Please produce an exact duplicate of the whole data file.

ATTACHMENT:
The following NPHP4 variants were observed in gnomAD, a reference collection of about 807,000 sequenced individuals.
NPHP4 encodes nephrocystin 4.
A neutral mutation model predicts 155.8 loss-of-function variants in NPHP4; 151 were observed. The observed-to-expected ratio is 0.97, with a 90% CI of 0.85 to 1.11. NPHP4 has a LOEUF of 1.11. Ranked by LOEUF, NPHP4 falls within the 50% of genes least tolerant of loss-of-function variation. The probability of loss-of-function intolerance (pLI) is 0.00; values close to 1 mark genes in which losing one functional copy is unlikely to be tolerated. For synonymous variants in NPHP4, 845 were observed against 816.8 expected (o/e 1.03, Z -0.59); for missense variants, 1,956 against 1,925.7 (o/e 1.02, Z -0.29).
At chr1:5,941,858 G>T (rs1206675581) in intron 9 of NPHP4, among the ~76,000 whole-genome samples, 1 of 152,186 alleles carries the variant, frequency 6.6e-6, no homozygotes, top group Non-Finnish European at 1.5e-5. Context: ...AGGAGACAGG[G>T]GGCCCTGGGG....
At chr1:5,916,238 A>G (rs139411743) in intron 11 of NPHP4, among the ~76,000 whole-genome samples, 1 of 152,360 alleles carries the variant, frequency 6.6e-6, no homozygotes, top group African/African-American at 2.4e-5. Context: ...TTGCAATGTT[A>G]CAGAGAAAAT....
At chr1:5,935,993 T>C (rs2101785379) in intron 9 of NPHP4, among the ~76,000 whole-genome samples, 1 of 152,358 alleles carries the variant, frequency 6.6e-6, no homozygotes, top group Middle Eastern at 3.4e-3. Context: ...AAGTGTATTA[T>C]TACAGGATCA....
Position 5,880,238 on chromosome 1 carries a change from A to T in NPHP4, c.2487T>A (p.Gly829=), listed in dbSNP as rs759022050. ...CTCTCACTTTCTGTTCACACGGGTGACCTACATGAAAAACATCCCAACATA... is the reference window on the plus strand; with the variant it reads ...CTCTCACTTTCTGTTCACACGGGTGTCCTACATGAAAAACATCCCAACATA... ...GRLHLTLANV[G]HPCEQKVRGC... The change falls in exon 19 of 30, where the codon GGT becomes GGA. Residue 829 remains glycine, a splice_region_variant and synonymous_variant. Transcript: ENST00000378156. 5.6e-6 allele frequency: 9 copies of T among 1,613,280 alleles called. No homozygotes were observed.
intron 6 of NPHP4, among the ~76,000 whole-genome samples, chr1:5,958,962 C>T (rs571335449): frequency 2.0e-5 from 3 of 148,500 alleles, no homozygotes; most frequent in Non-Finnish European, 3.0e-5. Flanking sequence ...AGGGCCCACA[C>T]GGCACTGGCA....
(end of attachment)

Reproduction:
The following NPHP4 variants were observed in gnomAD, a reference collection of about 807,000 sequenced individuals.
NPHP4 encodes nephrocystin 4.
A neutral mutation model predicts 155.8 loss-of-function variants in NPHP4; 151 were observed. The observed-to-expected ratio is 0.97, with a 90% CI of 0.85 to 1.11. NPHP4 has a LOEUF of 1.11. Ranked by LOEUF, NPHP4 falls within the 50% of genes least tolerant of loss-of-function variation. The probability of loss-of-function intolerance (pLI) is 0.00; values close to 1 mark genes in which losing one functional copy is unlikely to be tolerated. For synonymous variants in NPHP4, 845 were observed against 816.8 expected (o/e 1.03, Z -0.59); for missense variants, 1,956 against 1,925.7 (o/e 1.02, Z -0.29).
At chr1:5,941,858 G>T (rs1206675581) in intron 9 of NPHP4, among the ~76,000 whole-genome samples, 1 of 152,186 alleles carries the variant, frequency 6.6e-6, no homozygotes, top group Non-Finnish European at 1.5e-5. Context: ...AGGAGACAGG[G>T]GGCCCTGGGG....
At chr1:5,916,238 A>G (rs139411743) in intron 11 of NPHP4, among the ~76,000 whole-genome samples, 1 of 152,360 alleles carries the variant, frequency 6.6e-6, no homozygotes, top group African/African-American at 2.4e-5. Context: ...TTGCAATGTT[A>G]CAGAGAAAAT....
At chr1:5,935,993 T>C (rs2101785379) in intron 9 of NPHP4, among the ~76,000 whole-genome samples, 1 of 152,358 alleles carries the variant, frequency 6.6e-6, no homozygotes, top group Middle Eastern at 3.4e-3. Context: ...AAGTGTATTA[T>C]TACAGGATCA....
Position 5,880,238 on chromosome 1 carries a change from A to T in NPHP4, c.2487T>A (p.Gly829=), listed in dbSNP as rs759022050. ...CTCTCACTTTCTGTTCACACGGGTGACCTACATGAAAAACATCCCAACATA... is the reference window on the plus strand; with the variant it reads ...CTCTCACTTTCTGTTCACACGGGTGTCCTACATGAAAAACATCCCAACATA... ...GRLHLTLANV[G]HPCEQKVRGC... The change falls in exon 19 of 30, where the codon GGT becomes GGA. Residue 829 remains glycine, a splice_region_variant and synonymous_variant. Transcript: ENST00000378156. 5.6e-6 allele frequency: 9 copies of T among 1,613,280 alleles called. No homozygotes were observed.
intron 6 of NPHP4, among the ~76,000 whole-genome samples, chr1:5,958,962 C>T (rs571335449): frequency 2.0e-5 from 3 of 148,500 alleles, no homozygotes; most frequent in Non-Finnish European, 3.0e-5. Flanking sequence ...AGGGCCCACA[C>T]GGCACTGGCA....